Types of Childhood Cancer


Childhood cancers are different from adult cancers, tending to occur in other areas of the body, and responding differently to treatment.

Also, childhood cancer is not just one disease. In reality there are many major types, and countless subtypes, each requiring specific research to develop the best treatment for every child.

Microscope

A Closer Look at Childhood Cancers

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Acute lymphoblastic leukemia (ALL) is the most common type of childhood cancer. It is a cancer of the blood and bone marrow. Normally the bone marrow makes stem cells that mature into blood cells over time. In ALL, too many stem cells turn into immature white blood cells (lymphoblasts) that don't mature into the normal blood cells (lymphocytes) that fight infection by attacking germs and other harmful bacteria.

Central nervous system (CNS) tumors are cancers of the brain and brain stem. They are the most common solid tumors of childhood and they have the highest mortality rate of the childhood cancers. Types include medulloblastoma, PNET, germ cell tumors, high-grade and low-grade gliomas, ependymoma, astrocytoma and more.

Ewing sarcoma is a less common form of bone tumor, affecting mostly children ages 5 and older. These tumors form in the cavity of the bone.

Hodgkin disease is a type of lymphoma, a cancer of the lymph nodes. It affects teens most commonly, but also younger children. The lymph system is present throughout the body and helps fight infections. Hodgkin disease can start almost anywhere and then spread to almost any organ or tissue, including the liver, bone marrow and spleen.

Myeloid leukemias are more rare and difficult to cure than the more common Acute Lymphoblastic Leukemia (ALL). In leukemia, the bone marrow produces large numbers of abnormal blood cells, which flood the bloodstream and lymph system and may invade vital organs. The most common cancer of the myeloid cells is acute myeloid leukemia (AML). Others include juvenile myelomonocytic leukemia (JMML), chronic myelogenous leukemia (CML), acute promyelocytic leukemia (APL) and myelodysplastic syndromes (MDS).

Neuroblastoma is a cancer of the sympathetic nervous system, a message network between the brain and other parts of the body. Neuroblastoma tumors can grow in the abdomen, neck or pelvis. It is the most common type of cancer in infants, and can form before birth. The average age of diagnosis is 2, and it is rare in children over 10.

Non-Hodgkins lymphomas (NHL) are cancers of the cells of the immune system (T and B lymphocytes, natural killer cells). Cells of the immune system are produced in the bone marrow and then travel to all the lymph glands, the thymus gland, areas of the intestinal tract, tonsils and spleen, so a lymphoma can develop in any of those sites. The four major subtypes of NHL in children are lymphoblastic, Burkitt, large B cell and anaplastic large cell.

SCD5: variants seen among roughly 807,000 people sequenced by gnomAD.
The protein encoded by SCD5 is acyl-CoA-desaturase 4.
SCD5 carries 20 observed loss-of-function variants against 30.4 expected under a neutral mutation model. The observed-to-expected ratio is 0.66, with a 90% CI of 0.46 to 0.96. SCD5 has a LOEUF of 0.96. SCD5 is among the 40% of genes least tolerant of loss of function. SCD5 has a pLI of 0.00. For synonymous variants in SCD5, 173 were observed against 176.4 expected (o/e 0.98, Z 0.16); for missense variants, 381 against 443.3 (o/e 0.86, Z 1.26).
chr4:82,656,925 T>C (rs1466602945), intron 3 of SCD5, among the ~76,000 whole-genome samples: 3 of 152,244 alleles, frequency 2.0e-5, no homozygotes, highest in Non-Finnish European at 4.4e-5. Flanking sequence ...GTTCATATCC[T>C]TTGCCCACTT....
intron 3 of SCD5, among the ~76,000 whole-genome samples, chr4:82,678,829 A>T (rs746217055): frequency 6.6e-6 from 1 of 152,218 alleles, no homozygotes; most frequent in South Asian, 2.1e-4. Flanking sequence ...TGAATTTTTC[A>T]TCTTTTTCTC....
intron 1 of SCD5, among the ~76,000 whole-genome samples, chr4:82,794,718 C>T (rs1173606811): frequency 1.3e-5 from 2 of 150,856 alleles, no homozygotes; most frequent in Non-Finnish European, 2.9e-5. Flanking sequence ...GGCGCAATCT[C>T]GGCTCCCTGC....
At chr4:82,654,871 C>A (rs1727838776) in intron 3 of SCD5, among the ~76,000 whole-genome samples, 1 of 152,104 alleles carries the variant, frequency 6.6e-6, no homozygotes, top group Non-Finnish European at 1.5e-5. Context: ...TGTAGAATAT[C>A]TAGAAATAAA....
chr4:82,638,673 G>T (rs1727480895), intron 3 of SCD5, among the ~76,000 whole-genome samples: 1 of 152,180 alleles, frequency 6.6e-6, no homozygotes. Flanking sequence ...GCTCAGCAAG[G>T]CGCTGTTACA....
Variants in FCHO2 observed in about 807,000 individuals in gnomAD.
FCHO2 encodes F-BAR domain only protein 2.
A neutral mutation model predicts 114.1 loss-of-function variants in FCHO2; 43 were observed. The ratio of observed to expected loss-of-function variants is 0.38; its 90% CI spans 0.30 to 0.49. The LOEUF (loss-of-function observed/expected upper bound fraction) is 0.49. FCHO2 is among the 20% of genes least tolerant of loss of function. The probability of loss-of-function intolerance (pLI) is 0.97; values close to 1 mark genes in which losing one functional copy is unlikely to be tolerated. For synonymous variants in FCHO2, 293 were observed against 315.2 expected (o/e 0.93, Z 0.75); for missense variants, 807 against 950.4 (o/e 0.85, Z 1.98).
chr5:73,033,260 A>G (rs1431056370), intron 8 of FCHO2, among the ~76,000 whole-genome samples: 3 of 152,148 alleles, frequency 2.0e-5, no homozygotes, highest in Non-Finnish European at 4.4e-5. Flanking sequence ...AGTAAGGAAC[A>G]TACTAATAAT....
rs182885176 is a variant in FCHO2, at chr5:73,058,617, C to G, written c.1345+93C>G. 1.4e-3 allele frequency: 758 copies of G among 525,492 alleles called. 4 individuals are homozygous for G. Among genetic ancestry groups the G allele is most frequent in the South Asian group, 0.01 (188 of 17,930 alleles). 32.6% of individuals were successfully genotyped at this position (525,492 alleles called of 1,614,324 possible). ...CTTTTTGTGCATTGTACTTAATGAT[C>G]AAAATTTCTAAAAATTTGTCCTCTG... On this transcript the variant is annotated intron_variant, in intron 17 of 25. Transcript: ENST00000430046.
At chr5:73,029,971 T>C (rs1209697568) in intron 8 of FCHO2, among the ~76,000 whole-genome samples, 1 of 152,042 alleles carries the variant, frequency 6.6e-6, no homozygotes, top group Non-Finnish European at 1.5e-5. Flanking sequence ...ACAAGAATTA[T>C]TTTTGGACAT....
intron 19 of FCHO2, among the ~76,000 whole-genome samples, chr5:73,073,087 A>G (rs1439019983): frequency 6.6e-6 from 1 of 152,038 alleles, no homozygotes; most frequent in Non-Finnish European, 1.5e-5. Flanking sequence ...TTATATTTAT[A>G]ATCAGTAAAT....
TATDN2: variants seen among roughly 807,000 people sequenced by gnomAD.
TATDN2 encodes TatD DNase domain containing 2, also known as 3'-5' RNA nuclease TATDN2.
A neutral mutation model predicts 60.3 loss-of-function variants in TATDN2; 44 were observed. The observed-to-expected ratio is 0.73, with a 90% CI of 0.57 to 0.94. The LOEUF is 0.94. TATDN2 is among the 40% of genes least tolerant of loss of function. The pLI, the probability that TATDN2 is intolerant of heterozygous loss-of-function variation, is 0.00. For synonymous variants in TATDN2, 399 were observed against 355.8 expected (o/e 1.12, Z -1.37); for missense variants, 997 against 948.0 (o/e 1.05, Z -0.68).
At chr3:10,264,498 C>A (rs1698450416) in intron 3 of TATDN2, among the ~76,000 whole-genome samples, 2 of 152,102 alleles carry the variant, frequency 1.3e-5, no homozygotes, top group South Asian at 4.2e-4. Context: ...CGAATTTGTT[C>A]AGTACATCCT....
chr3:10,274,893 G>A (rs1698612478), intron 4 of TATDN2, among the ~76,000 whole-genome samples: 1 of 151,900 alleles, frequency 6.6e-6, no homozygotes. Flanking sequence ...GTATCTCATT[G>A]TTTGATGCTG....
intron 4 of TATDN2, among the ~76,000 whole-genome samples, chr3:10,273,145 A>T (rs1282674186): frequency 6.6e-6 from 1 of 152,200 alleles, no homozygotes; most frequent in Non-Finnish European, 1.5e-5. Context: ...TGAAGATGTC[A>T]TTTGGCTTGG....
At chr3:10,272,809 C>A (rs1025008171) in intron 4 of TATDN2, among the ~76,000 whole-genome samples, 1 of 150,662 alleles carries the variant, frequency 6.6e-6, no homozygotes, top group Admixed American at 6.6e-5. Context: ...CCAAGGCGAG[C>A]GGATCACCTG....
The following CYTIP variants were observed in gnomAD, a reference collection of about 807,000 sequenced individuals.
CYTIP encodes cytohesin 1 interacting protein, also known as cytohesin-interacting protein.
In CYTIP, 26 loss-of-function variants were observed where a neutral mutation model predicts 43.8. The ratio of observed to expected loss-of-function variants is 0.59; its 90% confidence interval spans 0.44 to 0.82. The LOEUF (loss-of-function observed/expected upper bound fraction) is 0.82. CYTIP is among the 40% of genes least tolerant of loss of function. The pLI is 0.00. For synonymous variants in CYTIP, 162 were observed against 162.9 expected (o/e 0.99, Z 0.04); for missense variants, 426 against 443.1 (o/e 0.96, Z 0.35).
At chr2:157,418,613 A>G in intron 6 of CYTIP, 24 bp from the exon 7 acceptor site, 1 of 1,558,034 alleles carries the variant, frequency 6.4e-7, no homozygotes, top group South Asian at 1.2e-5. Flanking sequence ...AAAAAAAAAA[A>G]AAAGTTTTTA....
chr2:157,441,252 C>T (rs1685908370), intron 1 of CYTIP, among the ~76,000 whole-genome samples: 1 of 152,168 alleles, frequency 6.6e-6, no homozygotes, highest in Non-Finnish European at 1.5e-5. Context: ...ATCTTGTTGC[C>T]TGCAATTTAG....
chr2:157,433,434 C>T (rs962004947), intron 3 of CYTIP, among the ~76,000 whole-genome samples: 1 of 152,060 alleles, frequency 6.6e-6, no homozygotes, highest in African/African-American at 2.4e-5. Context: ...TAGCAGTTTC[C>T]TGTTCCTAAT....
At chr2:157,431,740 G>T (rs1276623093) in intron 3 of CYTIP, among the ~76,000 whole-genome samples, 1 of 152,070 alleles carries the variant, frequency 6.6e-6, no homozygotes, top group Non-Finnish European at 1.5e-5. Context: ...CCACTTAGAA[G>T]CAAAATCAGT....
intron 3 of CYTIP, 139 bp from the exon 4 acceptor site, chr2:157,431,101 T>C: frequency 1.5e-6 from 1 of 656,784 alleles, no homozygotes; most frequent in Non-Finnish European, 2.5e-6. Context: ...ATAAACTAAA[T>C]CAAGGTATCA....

Osteogenic sarcoma (Osteosarcoma) is the most frequently diagnosed type of bone tumor, usually found in adolescents and young adults. Tumors are most often in the large bones of the upper arm (humerus) and the leg (femur and tibia).

Retinoblastoma is a cancer of the retinoblasts, or "baby" cells in the retina, responsible for vision. Retinoblastoma occurs most often in children from birth to age 3. About 40% of these children have the genetic form of the disease; with every cell in the retina susceptible to tumor formation, usually both eyes are affected. The other 60% have the non-genetic type, affecting only one eye. Since removal of the eye can cure most children, research is now focused on preserving vision.

Rhabdomyosarcoma is the most common of the soft tissue sarcomas which can be found anywhere in the body. Rhabdomyosarcoma is a tumor that arises in the muscle cells, and is the most common type in children under age 10. The other soft tissue tumors are more rare and tend to be found in adolescents. They include fibrosarcomas, synovial sarcomas, malignantperipheral nerve tumors, leiomyosarcoma, liposarcoma and others even more rare. Some soft tissue tumors are similar to those found in adults, while others are very unique to children.

Wilms tumor accounts for about 90% of kidney tumors in children. About 95% of children with this tumor have a "favorable histology" (better cure rate with less treatment) as determined by the pattern the pathologist sees in the tumor cells. The other 5% have anaplastic Wilms tumor, which is much more resistant to treatment.

Other rare childhood cancers are actually not so rare, when added together, as they account for about 30% of cancers diagnosed in children and adolescents. Because so few children are diagnosed with each type, however, it is very difficult to do research on these cancers. They include clear cell sarcoma of the kidney, rhabdoid tumor of the kidney, germ cell tumors, liver tumors (hepatoblastoma and hepatocellular carcinoma), adrenocortoco carcinoma, colon cancer, melanoma, nasalpharangyal cancer, thyroid tumors and others.